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UC Regents Protest: Student Struggles Continue Across California

By Eric Gardner

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Los Angeles, CA – Student protests continued across California, Nov. 20, in the wake of the heavily-protested decision of the University of California (UC) regents to raise undergraduate tuition by a staggering 32%.

Nov. 19, as the regents held their final day of meetings, thousands of students across the UC system protested the tuition hike, the furloughs of university workers and other effects of the budget cuts.

After the fee hike passed, outraged demonstrators (numbering between 1000-2000) formed a blockade of the meeting venue at UCLA to prevent the regents from leaving. They succeeded in detaining the regents for several hours before being forcibly dispersed by police.

On the other side of UCLA’s campus, students participated in a takeover of Campbell Hall which lasted until about 8:00 p.m. Nov.19. Demonstrators left voluntarily.

At UC-Davis, roughly 200 student protesters took over the campus administration building the morning of Nov. 19 and remained there until late in the evening. 52 were arrested by campus police.

At UC-Santa Cruz, where a number of building takeovers have happened in the last two months, students occupied two buildings – Kerr and Kresge Hall. Students stayed inside the buildings overnight and remained in control of both at the time of this writing [Nov. 20]. On the night of Nov. 20, they presented the campus administration with an extensive list of demands, which can be found here:

Today, Nov. 20, although the regents meeting is over, many protests have continued. At UC-Berkeley, several dozen students took over Wheeler Hall early this morning, and continue to hold the space despite the efforts of UC and Berkeley police in riot gear. When police tried to disperse the occupation, hundreds of students and workers gathered outside the building to defend it, clashing with the cops. At the time of this writing, the SWAT team has been called in and is attempting to take the doors off their hinges.

Berkeley protesters have also presented a list of demands. They are:

  1. Rehire all 38 AFSCME custodial workers who were laid off.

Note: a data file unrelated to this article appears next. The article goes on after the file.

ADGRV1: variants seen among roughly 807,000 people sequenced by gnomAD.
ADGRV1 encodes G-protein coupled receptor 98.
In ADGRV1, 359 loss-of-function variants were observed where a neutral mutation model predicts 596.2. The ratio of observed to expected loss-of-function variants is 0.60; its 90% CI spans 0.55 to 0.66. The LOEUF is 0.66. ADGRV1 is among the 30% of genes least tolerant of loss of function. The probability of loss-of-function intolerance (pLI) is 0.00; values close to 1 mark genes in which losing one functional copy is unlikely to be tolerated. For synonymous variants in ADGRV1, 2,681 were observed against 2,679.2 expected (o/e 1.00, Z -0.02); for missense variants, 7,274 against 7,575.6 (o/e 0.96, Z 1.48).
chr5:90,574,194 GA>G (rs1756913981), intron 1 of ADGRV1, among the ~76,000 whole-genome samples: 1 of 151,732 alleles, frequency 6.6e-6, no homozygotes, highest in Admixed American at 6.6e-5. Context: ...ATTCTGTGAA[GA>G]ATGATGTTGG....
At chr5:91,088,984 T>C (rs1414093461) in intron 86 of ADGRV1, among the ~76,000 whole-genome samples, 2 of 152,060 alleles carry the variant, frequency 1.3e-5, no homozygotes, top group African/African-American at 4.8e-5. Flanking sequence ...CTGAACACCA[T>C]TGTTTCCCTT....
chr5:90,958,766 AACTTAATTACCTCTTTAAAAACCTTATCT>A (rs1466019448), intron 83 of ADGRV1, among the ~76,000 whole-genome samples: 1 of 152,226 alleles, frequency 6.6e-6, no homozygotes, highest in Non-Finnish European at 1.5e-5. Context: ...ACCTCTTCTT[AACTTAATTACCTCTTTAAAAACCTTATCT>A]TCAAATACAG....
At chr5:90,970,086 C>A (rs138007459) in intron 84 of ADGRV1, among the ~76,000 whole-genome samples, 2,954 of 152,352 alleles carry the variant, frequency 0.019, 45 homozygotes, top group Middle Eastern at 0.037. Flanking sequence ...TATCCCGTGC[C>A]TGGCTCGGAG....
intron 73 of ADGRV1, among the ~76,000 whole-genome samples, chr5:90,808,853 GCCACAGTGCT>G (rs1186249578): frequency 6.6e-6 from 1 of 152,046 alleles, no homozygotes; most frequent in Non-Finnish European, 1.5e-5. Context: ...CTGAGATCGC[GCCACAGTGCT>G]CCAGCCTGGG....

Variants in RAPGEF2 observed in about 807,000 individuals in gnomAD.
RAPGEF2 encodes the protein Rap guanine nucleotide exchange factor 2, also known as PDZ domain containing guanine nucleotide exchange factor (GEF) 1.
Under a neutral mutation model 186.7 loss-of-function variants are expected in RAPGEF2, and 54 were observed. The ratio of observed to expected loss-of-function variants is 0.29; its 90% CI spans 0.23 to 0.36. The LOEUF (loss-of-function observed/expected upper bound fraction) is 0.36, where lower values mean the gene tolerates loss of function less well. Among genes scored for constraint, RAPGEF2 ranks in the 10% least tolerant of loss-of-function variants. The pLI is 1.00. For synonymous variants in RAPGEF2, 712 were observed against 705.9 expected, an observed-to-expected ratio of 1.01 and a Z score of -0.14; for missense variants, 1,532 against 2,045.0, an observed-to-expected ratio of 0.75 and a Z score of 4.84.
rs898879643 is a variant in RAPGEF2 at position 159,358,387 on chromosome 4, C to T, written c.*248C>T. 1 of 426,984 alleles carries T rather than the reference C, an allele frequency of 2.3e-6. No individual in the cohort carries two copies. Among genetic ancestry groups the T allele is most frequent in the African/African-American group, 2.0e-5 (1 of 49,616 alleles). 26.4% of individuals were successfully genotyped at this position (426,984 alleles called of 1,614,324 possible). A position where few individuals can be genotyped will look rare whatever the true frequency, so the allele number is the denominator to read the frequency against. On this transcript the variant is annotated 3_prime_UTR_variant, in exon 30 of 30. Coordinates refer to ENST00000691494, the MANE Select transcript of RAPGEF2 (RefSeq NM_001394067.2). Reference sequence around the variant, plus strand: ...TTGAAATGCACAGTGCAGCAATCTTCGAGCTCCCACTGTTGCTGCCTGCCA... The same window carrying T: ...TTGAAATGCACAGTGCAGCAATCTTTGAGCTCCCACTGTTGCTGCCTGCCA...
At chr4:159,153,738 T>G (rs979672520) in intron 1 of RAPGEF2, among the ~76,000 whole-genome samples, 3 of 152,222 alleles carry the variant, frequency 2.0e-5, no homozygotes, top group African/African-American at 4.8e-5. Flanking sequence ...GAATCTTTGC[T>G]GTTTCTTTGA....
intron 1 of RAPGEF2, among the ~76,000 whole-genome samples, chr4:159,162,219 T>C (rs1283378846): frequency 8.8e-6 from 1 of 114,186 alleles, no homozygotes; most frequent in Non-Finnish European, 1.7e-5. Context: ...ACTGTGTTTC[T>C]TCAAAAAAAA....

2. Provide amnesty to all protesters/occupiers.
  3. Retain the current small-business occupants of the Berkeley food court instead of replacing them with chains.
  4. Preserve the Rochdale cooperative housing for students.

For a time it looked as though the administration was going to negotiate, but now it seems like they’ve chosen to use force.

Finally, there is a new occupation at UC-Davis as of today, at Dutton Hall. That's a total of six building takeovers across the UC system in the last 24 hours, four of which are still going on.

The UC regents might have successfully raised tuition, but in doing so it looks like they’ve awakened a ‘sleeping giant’ across the state. Again and again, students and workers across the UC campuses are saying that they won’t tolerate any more. If the UC administrators don’t change their current policies, they could be facing a system-wide revolt sooner than they think.

Charla Schlueter, of UCLA Students for a Democratic Society, said, “Students across California are turning to more militant tactics like civil disobedience and building occupation, because it’s clear the regents and the administrators aren’t interested in giving them the time of day. We’re going to see more resistance like this across the UC system and beyond it, until the rulers of the UC abandon their plan of privatization and stop the attacks on working-class and oppressed nationality students.”

#California #CA #StudentsForADemocraticSociety #UCLA #UCRegents